There’s been the predictable rending of garments (presumably store-bought) and gnashing of teeth – primarily from non-crafters who’d never heard of the site before the announcement went up – but the response on the site has been largely positive and energetic.

Donations to the Ravelry to assist with fortification against bots and trolls and generally to show love and support for what Jess and Casey have built has been impressive.

*I do regret that I inadvertently replied to both Ravelry and another twitter user, because she then got swept along in some vitriolic replies directed at Ravelry and/or me.

I (heart) Franklin

Franklin is a cult figure to knitters. Thanks to this hilarious cartoon, he’s probably going to be a cult figure to the loved ones of knitters who have horrible gifts inflicted upon them.

I was talking about this [holiday gift knitting] with my therapist just last week. She suggested that I deal with my holiday angst in a constructive fashion by putting my heated inner dialogue down on paper so that I could properly analyze it. But I was out of paper, so instead I made an animated cartoon starring Albert Einstein and the Queen of England.

That will strike you as an odd coupling until I explain that whenever I experience a heated inner dialogue, that’s who the voices in my head sound like. (Although sometimes instead of Einstein I hear Fanny Brice; but the animation Web site doesn’t offer a Fanny Brice avatar.)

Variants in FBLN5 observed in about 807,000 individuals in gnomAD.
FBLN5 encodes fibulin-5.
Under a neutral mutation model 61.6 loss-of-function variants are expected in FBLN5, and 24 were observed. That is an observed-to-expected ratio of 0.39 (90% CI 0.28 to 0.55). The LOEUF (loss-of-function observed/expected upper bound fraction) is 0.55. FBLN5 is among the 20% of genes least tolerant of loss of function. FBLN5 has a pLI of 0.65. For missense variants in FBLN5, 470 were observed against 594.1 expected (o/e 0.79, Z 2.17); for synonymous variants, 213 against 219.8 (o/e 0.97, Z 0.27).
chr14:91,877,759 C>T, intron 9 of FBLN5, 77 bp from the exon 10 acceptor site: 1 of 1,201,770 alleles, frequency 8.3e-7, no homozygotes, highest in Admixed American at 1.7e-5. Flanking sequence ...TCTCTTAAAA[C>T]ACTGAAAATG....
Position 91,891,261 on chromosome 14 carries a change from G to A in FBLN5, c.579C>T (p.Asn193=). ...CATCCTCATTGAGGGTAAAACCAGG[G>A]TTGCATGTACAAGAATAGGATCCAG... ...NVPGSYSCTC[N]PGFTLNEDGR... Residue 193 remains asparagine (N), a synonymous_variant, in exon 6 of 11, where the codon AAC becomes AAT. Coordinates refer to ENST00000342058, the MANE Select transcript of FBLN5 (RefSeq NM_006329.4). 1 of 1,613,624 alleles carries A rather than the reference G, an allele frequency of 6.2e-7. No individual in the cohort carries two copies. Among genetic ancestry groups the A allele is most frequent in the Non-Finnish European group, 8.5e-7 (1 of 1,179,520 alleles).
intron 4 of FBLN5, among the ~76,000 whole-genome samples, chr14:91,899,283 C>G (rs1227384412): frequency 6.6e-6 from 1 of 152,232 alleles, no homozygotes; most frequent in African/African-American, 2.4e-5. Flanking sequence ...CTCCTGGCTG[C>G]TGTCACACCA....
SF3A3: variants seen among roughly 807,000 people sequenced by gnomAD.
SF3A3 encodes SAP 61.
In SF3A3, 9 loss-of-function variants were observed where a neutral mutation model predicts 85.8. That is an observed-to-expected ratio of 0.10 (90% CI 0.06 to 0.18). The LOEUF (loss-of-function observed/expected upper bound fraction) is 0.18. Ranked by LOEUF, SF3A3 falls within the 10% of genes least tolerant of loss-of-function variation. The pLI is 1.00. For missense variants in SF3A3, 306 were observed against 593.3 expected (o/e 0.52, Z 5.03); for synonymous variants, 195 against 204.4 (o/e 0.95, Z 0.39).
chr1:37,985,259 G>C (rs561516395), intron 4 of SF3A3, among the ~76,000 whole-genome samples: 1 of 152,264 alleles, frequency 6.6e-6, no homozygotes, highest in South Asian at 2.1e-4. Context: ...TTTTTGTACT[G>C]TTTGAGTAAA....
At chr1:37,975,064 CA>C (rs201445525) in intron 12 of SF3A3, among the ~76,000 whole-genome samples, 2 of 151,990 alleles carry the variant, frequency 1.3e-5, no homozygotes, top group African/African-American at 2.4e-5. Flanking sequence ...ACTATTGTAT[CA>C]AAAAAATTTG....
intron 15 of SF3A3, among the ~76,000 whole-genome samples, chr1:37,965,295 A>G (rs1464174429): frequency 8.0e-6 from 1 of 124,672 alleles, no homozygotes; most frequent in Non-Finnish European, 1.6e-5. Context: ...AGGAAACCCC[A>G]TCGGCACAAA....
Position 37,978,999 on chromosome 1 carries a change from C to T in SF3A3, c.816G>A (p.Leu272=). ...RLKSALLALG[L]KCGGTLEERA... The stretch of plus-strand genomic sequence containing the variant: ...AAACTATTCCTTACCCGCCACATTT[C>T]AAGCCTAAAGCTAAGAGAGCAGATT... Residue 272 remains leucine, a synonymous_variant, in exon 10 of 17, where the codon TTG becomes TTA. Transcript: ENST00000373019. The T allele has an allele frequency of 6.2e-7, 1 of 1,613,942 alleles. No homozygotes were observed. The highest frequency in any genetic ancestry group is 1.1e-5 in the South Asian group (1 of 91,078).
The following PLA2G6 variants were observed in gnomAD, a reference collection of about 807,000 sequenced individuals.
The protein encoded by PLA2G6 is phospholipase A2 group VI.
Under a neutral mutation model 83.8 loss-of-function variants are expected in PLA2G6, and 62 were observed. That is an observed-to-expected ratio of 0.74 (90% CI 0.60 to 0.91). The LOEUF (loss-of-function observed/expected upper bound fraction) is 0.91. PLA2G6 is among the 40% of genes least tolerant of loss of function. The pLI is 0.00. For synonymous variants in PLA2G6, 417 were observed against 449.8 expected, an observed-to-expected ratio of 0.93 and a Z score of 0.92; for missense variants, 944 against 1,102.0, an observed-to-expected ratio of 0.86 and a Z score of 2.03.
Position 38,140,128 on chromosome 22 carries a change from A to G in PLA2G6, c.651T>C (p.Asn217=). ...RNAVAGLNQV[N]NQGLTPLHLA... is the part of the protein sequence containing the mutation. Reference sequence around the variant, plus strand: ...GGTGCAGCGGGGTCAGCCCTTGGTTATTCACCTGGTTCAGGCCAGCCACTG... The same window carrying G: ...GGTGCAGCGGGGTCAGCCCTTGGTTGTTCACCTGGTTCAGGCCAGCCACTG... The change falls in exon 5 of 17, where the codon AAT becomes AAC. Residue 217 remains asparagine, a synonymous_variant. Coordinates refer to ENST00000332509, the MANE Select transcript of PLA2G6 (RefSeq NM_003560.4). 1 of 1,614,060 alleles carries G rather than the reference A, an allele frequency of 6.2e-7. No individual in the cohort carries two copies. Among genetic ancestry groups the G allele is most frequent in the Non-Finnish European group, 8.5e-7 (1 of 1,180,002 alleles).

The result is that I still don’t have my holiday knitting under control and I have to find a new therapist.

You should go watch the movie, it’s funny.

Stefanie Japel design workshop

update: I am not attending this workshop after all due to injury. Forgot it was posted so I’ll add this note instead of just deleting it.

I was very excited about the possibility of studying the Art of the Reliquary with one of my all-time favorite sculptors, Novie Trump, this weekend.

Then a spot opened up in Fibre Space’s design retreat with Stefanie Japel, which I’ve also been wanting to do forever.

This is a sweater I made from one of Stefanie Japel’s patterns:

alexandra ballet sweater

I picked the design retreat, but I still want to take one of Novie Trump’s workshops in the future.

A horse is a horse, of course, of course

Old Town Alexandria is full of landmarks. One of these is a life-sized fiberglass horse that proudly stands in the bed of a classic pickup truck on King Street in front of the Hard Times Cafe.

Last night we were driving home and we noticed the horse was sporting what looked like knitted clothing. We suspected he’d been yarn bombed, but it was too damned hot to get out of the car to investigate further, the DC area currently being hotter than the surface of the sun and all. I did snap a picture out the car window to post on facebook for the amusement of my knitting friends.


Today, the horse was nowhere to be seen. Danielle stopped by Hard Times to get the scoop and learned that the Cafe hadn’t dressed the horse up, so our speculation about a yarn bombing was spot-on.

This evening I was at the store chatting with Danielle when another customer sent her a message that the horse at Hard Times was sporting some mighty swanky knitwear. We grabbed a camera and took a stroll to see for ourselves. Danielle posted about what we found, complete with much better pictures than I took last night.